After the fall of the Berlin Wall in 1989 and the collapse of the Eastern Bloc countries, the balance of power that long held the world economy in check no longer functions. Today, after the financial crisis of 2008, we see the results of an unregulated, crude global capitalism that has been allowed to run amok in many places. However, Norway is in a quite special situation where the state is not only debt-free, but is also sitting on large savings that can in turn be invested in a global market. This means that the border between Norway and Russia in particular constitutes an area that throws the differences in the Europe of today into stark relief. No border in the world marks greater economic differences than the 196 km long frontier that separates the two countries.
The global economy also affects the way we look at the value of art. While the commercial market for contemporary art still thrives, we see public investment in art and culture crumbling away in large parts of Europe. In some countries an almost hostile rhetoric has grown up towards artists, art institutions, and the values represented by free art. The issue of ‘who art is for’ has become touchier than it has been for a long time.
Marianne Heier’s artistry is grounded in an unshakable belief that art has another value than the kind that can simply be purveyed on a market. In this perspective, surplus can also refer to ‘surplus value’, a concept applied in Marxist theory to the ‘added value’ of excess production—but which, applied to art, may perhaps also connote an extra value that goes beyond the tangible and marketable. Art is an expression of human experience in the world, and it has a cognitive potential that can open one’s eyes to the world in new ways. Art too has solid value. It is central and relevant, and always survives.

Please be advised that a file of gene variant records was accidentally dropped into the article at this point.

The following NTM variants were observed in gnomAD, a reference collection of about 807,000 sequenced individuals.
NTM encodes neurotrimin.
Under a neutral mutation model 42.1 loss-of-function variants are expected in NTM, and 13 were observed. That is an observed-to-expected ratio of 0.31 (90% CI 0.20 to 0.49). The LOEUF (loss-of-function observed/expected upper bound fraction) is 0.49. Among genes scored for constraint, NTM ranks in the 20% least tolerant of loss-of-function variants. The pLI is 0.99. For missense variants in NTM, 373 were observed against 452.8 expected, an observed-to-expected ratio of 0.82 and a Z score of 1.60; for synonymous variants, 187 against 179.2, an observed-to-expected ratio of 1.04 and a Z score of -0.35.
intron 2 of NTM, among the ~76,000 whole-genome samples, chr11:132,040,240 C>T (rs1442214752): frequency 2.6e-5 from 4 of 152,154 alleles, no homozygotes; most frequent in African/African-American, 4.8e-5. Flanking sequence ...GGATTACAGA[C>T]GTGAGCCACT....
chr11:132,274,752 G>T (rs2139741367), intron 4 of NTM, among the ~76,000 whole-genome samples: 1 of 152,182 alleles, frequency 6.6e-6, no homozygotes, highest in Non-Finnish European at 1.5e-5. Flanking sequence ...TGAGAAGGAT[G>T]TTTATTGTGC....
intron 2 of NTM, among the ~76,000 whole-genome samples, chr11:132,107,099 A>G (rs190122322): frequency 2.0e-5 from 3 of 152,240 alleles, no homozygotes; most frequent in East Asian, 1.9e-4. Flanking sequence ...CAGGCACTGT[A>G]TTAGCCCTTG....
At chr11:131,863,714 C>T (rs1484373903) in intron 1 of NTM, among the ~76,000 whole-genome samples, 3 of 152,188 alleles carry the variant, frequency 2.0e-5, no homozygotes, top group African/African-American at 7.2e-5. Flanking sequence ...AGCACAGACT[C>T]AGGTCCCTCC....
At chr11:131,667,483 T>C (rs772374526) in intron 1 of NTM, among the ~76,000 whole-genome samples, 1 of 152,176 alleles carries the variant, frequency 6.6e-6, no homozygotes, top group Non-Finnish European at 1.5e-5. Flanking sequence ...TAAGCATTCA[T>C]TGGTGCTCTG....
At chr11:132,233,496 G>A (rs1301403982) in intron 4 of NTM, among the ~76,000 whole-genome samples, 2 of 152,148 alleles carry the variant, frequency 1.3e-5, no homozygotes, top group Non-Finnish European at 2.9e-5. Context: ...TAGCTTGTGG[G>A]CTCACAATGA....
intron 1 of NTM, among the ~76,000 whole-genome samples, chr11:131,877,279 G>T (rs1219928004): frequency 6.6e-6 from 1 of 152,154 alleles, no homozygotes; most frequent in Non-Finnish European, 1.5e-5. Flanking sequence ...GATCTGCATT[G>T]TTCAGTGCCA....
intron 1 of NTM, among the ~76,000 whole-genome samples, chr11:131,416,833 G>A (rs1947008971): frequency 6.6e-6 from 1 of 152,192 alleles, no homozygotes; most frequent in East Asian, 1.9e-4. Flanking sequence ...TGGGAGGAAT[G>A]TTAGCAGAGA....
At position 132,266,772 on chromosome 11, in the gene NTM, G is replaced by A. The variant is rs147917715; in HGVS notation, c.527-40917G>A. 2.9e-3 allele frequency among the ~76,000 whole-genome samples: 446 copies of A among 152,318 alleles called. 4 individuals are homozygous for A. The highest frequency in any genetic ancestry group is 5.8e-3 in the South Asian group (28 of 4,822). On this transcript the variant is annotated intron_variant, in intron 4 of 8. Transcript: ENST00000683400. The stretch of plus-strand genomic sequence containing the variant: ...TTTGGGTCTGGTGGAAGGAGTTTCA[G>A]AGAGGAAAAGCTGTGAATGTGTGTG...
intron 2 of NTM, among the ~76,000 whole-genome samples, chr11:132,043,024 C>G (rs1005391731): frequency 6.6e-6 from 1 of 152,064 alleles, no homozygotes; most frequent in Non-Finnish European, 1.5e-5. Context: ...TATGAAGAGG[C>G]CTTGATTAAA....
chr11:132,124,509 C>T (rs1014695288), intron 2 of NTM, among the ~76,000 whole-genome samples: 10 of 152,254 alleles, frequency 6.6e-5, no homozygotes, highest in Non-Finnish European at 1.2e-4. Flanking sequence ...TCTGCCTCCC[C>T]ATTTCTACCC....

Site-specific installation in front of Bergen Kunsthall 2012. Scrap metal from the Norwegian/Russian trawler Vima.
1.26 carat diamond encased in the facade of Bergen Kunsthall, and performance outside Bergen Kunsthall, 2012.
Performers: Marianne Heier (text/speech), Guri Egge (song) and Einride Torvik (installation).
Director: Ole Johan Skjelbred.
Video documentation: Bodil Furu.
Marianne Heier (b. 1969) lives and works in Oslo. In her projects Heier often explores specific institutions ‘from the inside’. Her projects can be seen as situated within an institution-critical artistic praxis; but Heier’s critique from the inside is more often the result of personal engagement, motivated by personal, lived experience, than of a calculated, strategic institution-critical praxis. Her recent solo exhibitions and projects in public space include Jamais – Toujours, Stenersen Museum, Oslo (2010); Saga Night, Maihaugen, Lillehammer (2008); Pioneer, ROM, Oslo (2007); and Waldgänger, KORO, Hammerfest (2008). She has participated in group exhibitions at a number of institutions such as Kunsthall Oslo (2011); Hiap, Helsinki (2010); Overgaden, Copenhagen (2009); the Henie Onstad Art Centre (2009).
To accompany the exhibition, Bergen Kunsthall and Sternberg Press are publishing a reader with texts by Thomas Hylland Eriksen, Marianne Heier, Ranjit Hoskote, Loretta Napoleoni, Kim West and Solveig Øvstebø.